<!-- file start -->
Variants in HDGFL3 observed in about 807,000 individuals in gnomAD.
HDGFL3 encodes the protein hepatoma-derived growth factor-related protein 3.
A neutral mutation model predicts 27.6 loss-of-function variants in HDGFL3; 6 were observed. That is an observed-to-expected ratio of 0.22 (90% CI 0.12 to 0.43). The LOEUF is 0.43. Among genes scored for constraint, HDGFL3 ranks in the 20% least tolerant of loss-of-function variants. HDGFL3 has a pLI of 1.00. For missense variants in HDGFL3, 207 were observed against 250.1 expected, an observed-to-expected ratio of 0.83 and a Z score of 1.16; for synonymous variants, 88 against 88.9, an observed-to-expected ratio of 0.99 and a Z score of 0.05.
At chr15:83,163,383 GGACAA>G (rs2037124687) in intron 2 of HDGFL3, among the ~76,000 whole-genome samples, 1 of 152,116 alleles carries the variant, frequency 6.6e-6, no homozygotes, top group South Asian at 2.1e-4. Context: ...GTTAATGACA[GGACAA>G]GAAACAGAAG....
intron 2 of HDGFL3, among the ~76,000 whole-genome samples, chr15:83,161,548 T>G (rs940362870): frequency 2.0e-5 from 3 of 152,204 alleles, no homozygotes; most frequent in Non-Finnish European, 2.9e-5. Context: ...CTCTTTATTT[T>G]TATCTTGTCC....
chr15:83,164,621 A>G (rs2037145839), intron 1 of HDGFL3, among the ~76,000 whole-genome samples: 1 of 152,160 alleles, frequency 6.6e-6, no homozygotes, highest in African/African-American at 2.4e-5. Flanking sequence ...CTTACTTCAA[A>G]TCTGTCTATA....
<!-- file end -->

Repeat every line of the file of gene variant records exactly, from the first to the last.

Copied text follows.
Variants in HDGFL3 observed in about 807,000 individuals in gnomAD.
HDGFL3 encodes the protein hepatoma-derived growth factor-related protein 3.
A neutral mutation model predicts 27.6 loss-of-function variants in HDGFL3; 6 were observed. That is an observed-to-expected ratio of 0.22 (90% CI 0.12 to 0.43). The LOEUF is 0.43. Among genes scored for constraint, HDGFL3 ranks in the 20% least tolerant of loss-of-function variants. HDGFL3 has a pLI of 1.00. For missense variants in HDGFL3, 207 were observed against 250.1 expected, an observed-to-expected ratio of 0.83 and a Z score of 1.16; for synonymous variants, 88 against 88.9, an observed-to-expected ratio of 0.99 and a Z score of 0.05.
At chr15:83,163,383 GGACAA>G (rs2037124687) in intron 2 of HDGFL3, among the ~76,000 whole-genome samples, 1 of 152,116 alleles carries the variant, frequency 6.6e-6, no homozygotes, top group South Asian at 2.1e-4. Context: ...GTTAATGACA[GGACAA>G]GAAACAGAAG....
intron 2 of HDGFL3, among the ~76,000 whole-genome samples, chr15:83,161,548 T>G (rs940362870): frequency 2.0e-5 from 3 of 152,204 alleles, no homozygotes; most frequent in Non-Finnish European, 2.9e-5. Context: ...CTCTTTATTT[T>G]TATCTTGTCC....
chr15:83,164,621 A>G (rs2037145839), intron 1 of HDGFL3, among the ~76,000 whole-genome samples: 1 of 152,160 alleles, frequency 6.6e-6, no homozygotes, highest in African/African-American at 2.4e-5. Flanking sequence ...CTTACTTCAA[A>G]TCTGTCTATA....